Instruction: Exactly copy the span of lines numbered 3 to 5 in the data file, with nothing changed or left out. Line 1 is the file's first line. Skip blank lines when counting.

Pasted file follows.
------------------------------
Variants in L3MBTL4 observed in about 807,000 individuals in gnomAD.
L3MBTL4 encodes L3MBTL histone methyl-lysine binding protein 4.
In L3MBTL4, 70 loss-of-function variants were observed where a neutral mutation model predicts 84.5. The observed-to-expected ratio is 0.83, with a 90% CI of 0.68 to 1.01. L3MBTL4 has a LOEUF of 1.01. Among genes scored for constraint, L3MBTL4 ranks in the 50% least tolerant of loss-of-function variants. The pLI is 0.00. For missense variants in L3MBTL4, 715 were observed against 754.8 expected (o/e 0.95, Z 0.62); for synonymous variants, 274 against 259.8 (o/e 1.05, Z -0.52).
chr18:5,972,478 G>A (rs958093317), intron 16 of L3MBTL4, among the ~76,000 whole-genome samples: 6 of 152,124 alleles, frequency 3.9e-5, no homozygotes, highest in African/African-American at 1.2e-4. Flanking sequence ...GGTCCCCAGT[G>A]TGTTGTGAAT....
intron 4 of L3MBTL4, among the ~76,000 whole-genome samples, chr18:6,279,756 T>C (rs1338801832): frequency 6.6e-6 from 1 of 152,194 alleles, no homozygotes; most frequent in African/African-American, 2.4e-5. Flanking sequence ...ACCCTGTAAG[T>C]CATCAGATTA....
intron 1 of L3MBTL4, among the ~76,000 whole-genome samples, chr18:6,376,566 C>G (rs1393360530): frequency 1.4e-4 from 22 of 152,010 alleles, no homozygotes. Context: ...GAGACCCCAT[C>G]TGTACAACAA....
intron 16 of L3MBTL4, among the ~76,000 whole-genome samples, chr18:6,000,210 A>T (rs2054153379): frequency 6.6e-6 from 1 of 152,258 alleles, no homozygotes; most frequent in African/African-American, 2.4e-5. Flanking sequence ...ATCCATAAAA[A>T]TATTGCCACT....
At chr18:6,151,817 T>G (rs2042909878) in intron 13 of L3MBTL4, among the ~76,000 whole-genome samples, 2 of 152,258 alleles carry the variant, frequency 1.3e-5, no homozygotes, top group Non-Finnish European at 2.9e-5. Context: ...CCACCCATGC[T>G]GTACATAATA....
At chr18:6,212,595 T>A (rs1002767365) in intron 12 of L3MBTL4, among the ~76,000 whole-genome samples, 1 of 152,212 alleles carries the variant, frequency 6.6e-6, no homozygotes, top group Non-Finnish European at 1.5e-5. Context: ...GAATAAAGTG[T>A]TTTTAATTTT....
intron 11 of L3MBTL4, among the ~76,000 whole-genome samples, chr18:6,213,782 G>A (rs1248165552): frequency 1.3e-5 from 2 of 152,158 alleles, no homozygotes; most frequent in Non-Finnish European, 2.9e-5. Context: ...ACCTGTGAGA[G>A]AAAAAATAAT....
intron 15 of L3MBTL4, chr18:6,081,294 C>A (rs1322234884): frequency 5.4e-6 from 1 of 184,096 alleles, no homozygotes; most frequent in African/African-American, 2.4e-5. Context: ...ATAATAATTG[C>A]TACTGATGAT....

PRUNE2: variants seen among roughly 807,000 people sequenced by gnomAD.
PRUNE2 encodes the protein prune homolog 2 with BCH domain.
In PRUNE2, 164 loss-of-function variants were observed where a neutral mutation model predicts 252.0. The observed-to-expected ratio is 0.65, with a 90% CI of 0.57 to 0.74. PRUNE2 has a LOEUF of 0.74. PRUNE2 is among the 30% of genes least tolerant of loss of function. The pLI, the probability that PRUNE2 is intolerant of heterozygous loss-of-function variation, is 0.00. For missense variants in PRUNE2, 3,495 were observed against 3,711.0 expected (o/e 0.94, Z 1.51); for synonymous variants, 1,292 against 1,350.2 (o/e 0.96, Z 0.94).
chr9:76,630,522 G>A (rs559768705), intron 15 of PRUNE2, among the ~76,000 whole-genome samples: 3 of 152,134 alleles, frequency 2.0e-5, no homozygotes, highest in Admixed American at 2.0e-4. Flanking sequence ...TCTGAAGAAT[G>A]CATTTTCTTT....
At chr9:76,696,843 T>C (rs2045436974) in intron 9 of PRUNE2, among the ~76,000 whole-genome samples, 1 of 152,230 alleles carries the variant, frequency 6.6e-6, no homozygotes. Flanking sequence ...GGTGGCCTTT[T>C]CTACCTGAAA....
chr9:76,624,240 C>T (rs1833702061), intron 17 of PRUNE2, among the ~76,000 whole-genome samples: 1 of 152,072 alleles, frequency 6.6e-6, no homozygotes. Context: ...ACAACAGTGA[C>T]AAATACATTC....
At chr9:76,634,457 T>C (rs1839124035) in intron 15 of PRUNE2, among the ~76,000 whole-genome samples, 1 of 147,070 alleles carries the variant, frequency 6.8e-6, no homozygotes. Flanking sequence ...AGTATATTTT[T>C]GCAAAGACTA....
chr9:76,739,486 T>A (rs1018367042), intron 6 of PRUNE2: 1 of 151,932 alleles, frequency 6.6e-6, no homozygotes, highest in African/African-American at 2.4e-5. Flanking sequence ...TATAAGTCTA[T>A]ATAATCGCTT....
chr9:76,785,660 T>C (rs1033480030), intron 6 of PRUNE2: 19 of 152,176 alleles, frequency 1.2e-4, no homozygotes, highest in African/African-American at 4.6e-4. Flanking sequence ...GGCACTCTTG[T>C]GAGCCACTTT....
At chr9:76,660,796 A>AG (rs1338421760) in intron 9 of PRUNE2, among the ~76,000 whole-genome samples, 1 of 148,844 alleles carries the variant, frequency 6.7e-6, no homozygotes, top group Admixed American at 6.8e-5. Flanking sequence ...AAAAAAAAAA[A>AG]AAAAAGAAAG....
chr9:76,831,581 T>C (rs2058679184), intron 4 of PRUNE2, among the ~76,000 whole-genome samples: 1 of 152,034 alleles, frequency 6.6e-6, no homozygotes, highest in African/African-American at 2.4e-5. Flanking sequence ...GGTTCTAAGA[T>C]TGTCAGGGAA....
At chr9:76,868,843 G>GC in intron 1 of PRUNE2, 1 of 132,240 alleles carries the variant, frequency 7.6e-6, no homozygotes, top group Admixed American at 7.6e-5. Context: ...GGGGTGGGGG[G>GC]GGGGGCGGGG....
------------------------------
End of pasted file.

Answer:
In L3MBTL4, 70 loss-of-function variants were observed where a neutral mutation model predicts 84.5. The observed-to-expected ratio is 0.83, with a 90% CI of 0.68 to 1.01. L3MBTL4 has a LOEUF of 1.01. Among genes scored for constraint, L3MBTL4 ranks in the 50% least tolerant of loss-of-function variants. The pLI is 0.00. For missense variants in L3MBTL4, 715 were observed against 754.8 expected (o/e 0.95, Z 0.62); for synonymous variants, 274 against 259.8 (o/e 1.05, Z -0.52).
chr18:5,972,478 G>A (rs958093317), intron 16 of L3MBTL4, among the ~76,000 whole-genome samples: 6 of 152,124 alleles, frequency 3.9e-5, no homozygotes, highest in African/African-American at 1.2e-4. Flanking sequence ...GGTCCCCAGT[G>A]TGTTGTGAAT....
intron 4 of L3MBTL4, among the ~76,000 whole-genome samples, chr18:6,279,756 T>C (rs1338801832): frequency 6.6e-6 from 1 of 152,194 alleles, no homozygotes; most frequent in African/African-American, 2.4e-5. Flanking sequence ...ACCCTGTAAG[T>C]CATCAGATTA....